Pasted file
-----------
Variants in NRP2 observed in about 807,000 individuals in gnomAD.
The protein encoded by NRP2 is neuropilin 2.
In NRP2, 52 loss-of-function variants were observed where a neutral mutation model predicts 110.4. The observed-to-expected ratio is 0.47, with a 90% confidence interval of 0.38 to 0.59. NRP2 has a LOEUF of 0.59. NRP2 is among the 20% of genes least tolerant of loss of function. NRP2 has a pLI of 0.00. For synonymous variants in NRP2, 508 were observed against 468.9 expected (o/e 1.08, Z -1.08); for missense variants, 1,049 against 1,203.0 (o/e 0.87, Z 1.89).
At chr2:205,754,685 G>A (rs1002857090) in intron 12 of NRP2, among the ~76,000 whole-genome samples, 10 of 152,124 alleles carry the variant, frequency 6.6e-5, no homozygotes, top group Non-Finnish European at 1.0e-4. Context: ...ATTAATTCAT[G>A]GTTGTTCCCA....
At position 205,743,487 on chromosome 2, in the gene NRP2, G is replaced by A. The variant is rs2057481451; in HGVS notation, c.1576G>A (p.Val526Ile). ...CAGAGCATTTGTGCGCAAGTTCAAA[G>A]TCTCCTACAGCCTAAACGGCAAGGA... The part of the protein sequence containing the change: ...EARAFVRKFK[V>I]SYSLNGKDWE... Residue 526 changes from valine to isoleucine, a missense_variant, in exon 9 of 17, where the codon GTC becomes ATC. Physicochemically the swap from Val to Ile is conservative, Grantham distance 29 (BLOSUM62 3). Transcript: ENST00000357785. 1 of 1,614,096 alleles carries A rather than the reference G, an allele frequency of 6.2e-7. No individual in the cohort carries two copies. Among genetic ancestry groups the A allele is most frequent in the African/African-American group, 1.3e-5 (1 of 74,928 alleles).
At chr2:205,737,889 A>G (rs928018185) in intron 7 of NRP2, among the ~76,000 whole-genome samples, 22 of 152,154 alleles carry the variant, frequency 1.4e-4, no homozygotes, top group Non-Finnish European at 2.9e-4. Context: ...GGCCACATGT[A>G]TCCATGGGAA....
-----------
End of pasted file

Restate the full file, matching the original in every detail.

Variants in NRP2 observed in about 807,000 individuals in gnomAD.
The protein encoded by NRP2 is neuropilin 2.
In NRP2, 52 loss-of-function variants were observed where a neutral mutation model predicts 110.4. The observed-to-expected ratio is 0.47, with a 90% confidence interval of 0.38 to 0.59. NRP2 has a LOEUF of 0.59. NRP2 is among the 20% of genes least tolerant of loss of function. NRP2 has a pLI of 0.00. For synonymous variants in NRP2, 508 were observed against 468.9 expected (o/e 1.08, Z -1.08); for missense variants, 1,049 against 1,203.0 (o/e 0.87, Z 1.89).
At chr2:205,754,685 G>A (rs1002857090) in intron 12 of NRP2, among the ~76,000 whole-genome samples, 10 of 152,124 alleles carry the variant, frequency 6.6e-5, no homozygotes, top group Non-Finnish European at 1.0e-4. Context: ...ATTAATTCAT[G>A]GTTGTTCCCA....
At position 205,743,487 on chromosome 2, in the gene NRP2, G is replaced by A. The variant is rs2057481451; in HGVS notation, c.1576G>A (p.Val526Ile). ...CAGAGCATTTGTGCGCAAGTTCAAA[G>A]TCTCCTACAGCCTAAACGGCAAGGA... The part of the protein sequence containing the change: ...EARAFVRKFK[V>I]SYSLNGKDWE... Residue 526 changes from valine to isoleucine, a missense_variant, in exon 9 of 17, where the codon GTC becomes ATC. Physicochemically the swap from Val to Ile is conservative, Grantham distance 29 (BLOSUM62 3). Transcript: ENST00000357785. 1 of 1,614,096 alleles carries A rather than the reference G, an allele frequency of 6.2e-7. No individual in the cohort carries two copies. Among genetic ancestry groups the A allele is most frequent in the African/African-American group, 1.3e-5 (1 of 74,928 alleles).
At chr2:205,737,889 A>G (rs928018185) in intron 7 of NRP2, among the ~76,000 whole-genome samples, 22 of 152,154 alleles carry the variant, frequency 1.4e-4, no homozygotes, top group Non-Finnish European at 2.9e-4. Context: ...GGCCACATGT[A>G]TCCATGGGAA....